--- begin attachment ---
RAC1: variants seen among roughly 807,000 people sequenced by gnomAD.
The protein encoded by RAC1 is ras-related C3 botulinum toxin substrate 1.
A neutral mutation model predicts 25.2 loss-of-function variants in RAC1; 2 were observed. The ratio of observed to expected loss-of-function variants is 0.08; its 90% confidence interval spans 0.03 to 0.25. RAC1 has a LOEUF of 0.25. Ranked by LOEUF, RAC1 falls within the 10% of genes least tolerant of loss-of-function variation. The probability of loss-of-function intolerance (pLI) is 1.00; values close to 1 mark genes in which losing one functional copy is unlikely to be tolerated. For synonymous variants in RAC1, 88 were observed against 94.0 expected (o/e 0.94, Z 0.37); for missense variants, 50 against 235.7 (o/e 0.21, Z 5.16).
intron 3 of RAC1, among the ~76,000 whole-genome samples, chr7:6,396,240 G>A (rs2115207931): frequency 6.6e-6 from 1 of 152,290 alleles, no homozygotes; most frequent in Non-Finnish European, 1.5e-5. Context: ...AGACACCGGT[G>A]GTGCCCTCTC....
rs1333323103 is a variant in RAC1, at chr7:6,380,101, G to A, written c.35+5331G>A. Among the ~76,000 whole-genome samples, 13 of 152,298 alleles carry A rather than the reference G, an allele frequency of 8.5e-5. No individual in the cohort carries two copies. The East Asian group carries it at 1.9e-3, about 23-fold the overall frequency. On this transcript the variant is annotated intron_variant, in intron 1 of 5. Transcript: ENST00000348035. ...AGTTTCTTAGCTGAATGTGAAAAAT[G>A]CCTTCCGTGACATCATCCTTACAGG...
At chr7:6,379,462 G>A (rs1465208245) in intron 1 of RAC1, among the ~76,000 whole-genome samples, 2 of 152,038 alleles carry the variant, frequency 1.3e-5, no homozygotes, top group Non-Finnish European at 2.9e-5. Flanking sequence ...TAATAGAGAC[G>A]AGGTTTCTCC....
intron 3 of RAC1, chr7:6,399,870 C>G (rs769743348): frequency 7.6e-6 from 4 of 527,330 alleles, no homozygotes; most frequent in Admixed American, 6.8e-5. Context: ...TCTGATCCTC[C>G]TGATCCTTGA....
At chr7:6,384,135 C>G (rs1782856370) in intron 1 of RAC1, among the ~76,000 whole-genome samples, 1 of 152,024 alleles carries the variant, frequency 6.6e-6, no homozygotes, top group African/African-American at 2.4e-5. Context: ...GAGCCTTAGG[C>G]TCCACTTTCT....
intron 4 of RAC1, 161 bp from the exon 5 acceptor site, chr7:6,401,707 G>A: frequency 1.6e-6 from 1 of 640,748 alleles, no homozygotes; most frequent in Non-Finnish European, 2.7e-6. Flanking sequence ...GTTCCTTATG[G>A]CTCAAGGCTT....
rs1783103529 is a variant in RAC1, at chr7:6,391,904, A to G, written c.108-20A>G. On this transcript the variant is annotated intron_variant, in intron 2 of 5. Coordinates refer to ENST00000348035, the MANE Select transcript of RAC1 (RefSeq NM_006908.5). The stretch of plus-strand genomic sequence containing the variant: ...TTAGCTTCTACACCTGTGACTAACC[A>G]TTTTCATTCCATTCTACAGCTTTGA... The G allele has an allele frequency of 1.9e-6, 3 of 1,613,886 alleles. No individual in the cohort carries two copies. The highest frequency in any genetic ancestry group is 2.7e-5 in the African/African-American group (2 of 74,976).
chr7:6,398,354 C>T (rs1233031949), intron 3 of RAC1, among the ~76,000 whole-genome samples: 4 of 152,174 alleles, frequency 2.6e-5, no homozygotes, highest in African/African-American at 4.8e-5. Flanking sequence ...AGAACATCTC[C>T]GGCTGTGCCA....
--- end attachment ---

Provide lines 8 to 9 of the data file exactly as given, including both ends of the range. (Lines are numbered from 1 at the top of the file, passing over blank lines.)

At chr7:6,384,135 C>G (rs1782856370) in intron 1 of RAC1, among the ~76,000 whole-genome samples, 1 of 152,024 alleles carries the variant, frequency 6.6e-6, no homozygotes, top group African/African-American at 2.4e-5. Context: ...GAGCCTTAGG[C>G]TCCACTTTCT....
intron 4 of RAC1, 161 bp from the exon 5 acceptor site, chr7:6,401,707 G>A: frequency 1.6e-6 from 1 of 640,748 alleles, no homozygotes; most frequent in Non-Finnish European, 2.7e-6. Flanking sequence ...GTTCCTTATG[G>A]CTCAAGGCTT....